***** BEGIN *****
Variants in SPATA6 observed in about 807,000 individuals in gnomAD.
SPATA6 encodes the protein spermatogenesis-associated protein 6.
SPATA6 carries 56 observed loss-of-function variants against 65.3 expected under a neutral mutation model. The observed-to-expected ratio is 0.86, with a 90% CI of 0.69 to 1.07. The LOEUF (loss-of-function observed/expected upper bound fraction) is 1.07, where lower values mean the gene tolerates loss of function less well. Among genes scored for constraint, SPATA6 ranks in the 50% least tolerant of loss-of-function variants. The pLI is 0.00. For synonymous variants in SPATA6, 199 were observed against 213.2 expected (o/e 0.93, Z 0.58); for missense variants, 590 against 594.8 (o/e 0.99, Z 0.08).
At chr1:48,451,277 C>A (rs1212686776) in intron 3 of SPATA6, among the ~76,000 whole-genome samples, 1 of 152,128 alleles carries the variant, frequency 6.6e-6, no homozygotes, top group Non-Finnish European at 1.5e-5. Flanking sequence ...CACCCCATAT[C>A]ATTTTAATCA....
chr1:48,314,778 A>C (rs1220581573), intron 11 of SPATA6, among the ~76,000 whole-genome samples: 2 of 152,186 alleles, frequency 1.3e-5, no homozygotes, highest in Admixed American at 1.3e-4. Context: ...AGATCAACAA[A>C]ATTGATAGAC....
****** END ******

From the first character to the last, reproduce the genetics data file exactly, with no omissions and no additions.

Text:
Variants in SPATA6 observed in about 807,000 individuals in gnomAD.
SPATA6 encodes the protein spermatogenesis-associated protein 6.
SPATA6 carries 56 observed loss-of-function variants against 65.3 expected under a neutral mutation model. The observed-to-expected ratio is 0.86, with a 90% CI of 0.69 to 1.07. The LOEUF (loss-of-function observed/expected upper bound fraction) is 1.07, where lower values mean the gene tolerates loss of function less well. Among genes scored for constraint, SPATA6 ranks in the 50% least tolerant of loss-of-function variants. The pLI is 0.00. For synonymous variants in SPATA6, 199 were observed against 213.2 expected (o/e 0.93, Z 0.58); for missense variants, 590 against 594.8 (o/e 0.99, Z 0.08).
At chr1:48,451,277 C>A (rs1212686776) in intron 3 of SPATA6, among the ~76,000 whole-genome samples, 1 of 152,128 alleles carries the variant, frequency 6.6e-6, no homozygotes, top group Non-Finnish European at 1.5e-5. Flanking sequence ...CACCCCATAT[C>A]ATTTTAATCA....
chr1:48,314,778 A>C (rs1220581573), intron 11 of SPATA6, among the ~76,000 whole-genome samples: 2 of 152,186 alleles, frequency 1.3e-5, no homozygotes, highest in Admixed American at 1.3e-4. Context: ...AGATCAACAA[A>C]ATTGATAGAC....